Overpriced home listings usually don’t sell in any market. In today’s market, there’s no margin for error when selecting a list price. If your price is too high, the market can literally pass you by.
Many sellers ask: What’s the harm in pricing high initially? You can always come down. While this is true enough, you may end up with a lower selling price if you start too high to begin with, particularly if the market is declining.
Today’s real estate market is generally balanced, although there have been modest declines in median sales price in some areas. Prices are still going up in areas with low inventory and high demand, but the appreciation rate in these areas is slower than it has been in recent years.
Given today’s market conditions, buyers are more cautious about home purchases than they were last year. They are looking for value. A high price sends a message that you are out of touch with the market. Making an offer takes a lot of time and energy. Most buyers aren’t willing to do this if they think that the seller is unreasonable.
Another factor that can keep buyers from making offers on overpriced listings is that they don’t want to offend the sellers. Buyers feel that a low offer might jeopardize their chances of buying the property. They’d rather wait to see if the sellers lower their price before making an offer.
There is more emotion involved in a home purchase than in most other business negotiations. Home buyers usually need to feel passionate about a property before they’ll make an offer. Today’s buyers are concerned about overpaying in a soft market. It’s hard for them be enthusiastic enough to make an offer if a listing is priced too high. A listing that might look great to them at the right price might not even be appealing at an above-market price.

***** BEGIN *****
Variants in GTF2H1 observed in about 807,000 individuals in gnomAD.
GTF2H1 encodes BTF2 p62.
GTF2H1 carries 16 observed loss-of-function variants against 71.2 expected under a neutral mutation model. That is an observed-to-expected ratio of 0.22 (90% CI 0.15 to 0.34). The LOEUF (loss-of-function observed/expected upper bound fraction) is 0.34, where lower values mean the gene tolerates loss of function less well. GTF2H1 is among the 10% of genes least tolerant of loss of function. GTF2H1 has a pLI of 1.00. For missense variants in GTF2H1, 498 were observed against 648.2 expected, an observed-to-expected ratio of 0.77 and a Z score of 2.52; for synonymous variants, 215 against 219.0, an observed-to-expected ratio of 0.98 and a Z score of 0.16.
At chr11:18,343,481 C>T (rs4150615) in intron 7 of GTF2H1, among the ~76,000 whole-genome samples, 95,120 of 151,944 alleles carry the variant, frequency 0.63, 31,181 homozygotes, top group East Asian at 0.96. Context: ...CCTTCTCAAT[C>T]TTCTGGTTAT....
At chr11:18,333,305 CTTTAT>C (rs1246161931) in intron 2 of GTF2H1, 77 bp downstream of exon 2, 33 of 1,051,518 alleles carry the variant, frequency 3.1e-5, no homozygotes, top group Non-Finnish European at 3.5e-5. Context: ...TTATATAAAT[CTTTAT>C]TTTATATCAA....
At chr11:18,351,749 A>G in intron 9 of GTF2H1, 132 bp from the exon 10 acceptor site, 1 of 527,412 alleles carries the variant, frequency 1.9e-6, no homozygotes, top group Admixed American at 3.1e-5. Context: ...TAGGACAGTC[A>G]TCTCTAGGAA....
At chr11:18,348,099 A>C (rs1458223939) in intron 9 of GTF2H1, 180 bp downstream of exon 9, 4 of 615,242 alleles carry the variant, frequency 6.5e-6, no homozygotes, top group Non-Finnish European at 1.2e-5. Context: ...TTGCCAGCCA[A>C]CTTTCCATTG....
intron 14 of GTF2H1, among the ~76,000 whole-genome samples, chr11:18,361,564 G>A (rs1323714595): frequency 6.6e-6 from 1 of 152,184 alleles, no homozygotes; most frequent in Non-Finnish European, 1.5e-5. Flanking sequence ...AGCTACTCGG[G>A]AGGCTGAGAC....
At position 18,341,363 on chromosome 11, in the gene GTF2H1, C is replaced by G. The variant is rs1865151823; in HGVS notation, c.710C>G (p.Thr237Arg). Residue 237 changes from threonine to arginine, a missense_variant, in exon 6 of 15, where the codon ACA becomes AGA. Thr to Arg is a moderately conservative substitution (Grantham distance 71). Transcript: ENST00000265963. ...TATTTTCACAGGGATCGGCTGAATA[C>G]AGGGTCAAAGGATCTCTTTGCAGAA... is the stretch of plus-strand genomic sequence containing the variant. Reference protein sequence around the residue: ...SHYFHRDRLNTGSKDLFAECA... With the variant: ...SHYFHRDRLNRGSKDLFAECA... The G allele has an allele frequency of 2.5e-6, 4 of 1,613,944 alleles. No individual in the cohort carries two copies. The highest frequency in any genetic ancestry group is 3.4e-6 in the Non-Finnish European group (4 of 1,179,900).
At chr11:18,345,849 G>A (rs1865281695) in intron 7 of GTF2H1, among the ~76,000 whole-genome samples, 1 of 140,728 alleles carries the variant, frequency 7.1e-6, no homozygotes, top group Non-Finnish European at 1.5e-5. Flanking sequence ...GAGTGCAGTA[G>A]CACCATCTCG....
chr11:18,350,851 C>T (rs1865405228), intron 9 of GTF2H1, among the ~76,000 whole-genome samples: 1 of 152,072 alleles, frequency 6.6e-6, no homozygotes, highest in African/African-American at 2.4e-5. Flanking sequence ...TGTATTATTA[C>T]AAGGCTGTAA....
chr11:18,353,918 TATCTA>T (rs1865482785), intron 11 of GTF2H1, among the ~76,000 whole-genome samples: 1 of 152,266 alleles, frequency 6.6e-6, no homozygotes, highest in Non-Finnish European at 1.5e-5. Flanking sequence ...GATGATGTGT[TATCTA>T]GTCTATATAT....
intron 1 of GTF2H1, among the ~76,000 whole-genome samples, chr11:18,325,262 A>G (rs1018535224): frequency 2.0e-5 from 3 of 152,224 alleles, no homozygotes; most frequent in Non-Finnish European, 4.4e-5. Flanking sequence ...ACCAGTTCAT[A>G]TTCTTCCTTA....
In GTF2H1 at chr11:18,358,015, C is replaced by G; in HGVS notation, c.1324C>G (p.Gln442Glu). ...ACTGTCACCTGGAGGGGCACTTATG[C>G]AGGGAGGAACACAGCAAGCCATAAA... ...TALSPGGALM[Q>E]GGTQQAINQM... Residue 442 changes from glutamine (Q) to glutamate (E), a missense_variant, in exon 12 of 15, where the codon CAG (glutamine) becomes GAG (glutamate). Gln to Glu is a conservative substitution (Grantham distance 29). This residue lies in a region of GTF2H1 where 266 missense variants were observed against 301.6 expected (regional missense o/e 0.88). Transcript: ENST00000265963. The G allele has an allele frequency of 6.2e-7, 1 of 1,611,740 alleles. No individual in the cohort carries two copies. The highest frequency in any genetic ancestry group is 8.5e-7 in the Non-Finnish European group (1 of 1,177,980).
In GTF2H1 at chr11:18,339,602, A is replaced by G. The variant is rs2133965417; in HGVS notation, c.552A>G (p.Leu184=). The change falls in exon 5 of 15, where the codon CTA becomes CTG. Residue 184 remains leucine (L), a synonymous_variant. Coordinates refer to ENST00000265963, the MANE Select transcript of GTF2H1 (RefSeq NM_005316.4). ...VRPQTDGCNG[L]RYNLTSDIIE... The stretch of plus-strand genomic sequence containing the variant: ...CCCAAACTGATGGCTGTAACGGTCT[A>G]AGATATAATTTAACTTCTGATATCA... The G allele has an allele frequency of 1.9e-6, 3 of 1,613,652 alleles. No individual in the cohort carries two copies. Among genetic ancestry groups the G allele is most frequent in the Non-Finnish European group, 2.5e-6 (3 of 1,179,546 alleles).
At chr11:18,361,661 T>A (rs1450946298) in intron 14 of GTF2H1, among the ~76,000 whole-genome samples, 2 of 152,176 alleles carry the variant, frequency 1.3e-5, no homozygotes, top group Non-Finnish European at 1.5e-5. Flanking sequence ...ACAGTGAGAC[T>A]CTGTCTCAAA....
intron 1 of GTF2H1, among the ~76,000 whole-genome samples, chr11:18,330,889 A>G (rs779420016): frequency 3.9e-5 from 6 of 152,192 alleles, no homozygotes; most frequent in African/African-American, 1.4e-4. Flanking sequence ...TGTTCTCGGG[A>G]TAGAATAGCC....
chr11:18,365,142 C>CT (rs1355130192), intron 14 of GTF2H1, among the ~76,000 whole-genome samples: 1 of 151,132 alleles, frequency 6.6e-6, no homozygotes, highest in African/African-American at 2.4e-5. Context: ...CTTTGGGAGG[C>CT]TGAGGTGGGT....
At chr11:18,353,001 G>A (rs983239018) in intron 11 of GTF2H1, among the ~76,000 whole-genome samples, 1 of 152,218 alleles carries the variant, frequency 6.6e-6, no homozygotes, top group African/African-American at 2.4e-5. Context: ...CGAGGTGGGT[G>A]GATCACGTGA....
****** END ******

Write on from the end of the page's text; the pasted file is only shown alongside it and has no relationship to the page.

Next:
So, one risk of overpricing is that you don’t receive any offers at all. Another related risk is that your home might not even be shown to buyers if it’s priced too high. There usually is a direct correlation between the amount of showings a listing receives and the time it takes to sell.
HOME SELLER TIP: Sellers who live in areas where prices are declining need to be particularly careful not to overprice their homes. Before your home goes on the market, ask your agent to update the market evaluation of your home that was done before you listed to make sure that the recommended price range still holds. If not, readjust the price before you hit the market. Your home is most marketable when it’s new on the market. So capitalize on this enthusiasm by presenting a good product at the right price.
Since the market is always changing, you may find that your list price could be too high soon after your home is on the market. Many sellers object to lowering their price too quickly. They’re afraid they’ll leave money on the table.
However, the best time to lower your price is as soon as you discover that the price is high. This way you quickly rekindle interest in your property. Leaving your home on the market too long at a high price can cost you money if prices decline.
After your home is on the market, keep an eye on your competition. Ask your agent to keep you informed about listing activity in your area. Find out which listings are selling and which aren’t. How does your home stack up in comparison?
THE CLOSING: Pricing lower than your competitors can often bring about the desired result.
Dian Hymer is author of “House Hunting, The Take-Along Workbook for Home Buyers” and “Starting Out, The Complete Home Buyer’s Guide,” Chronicle Books.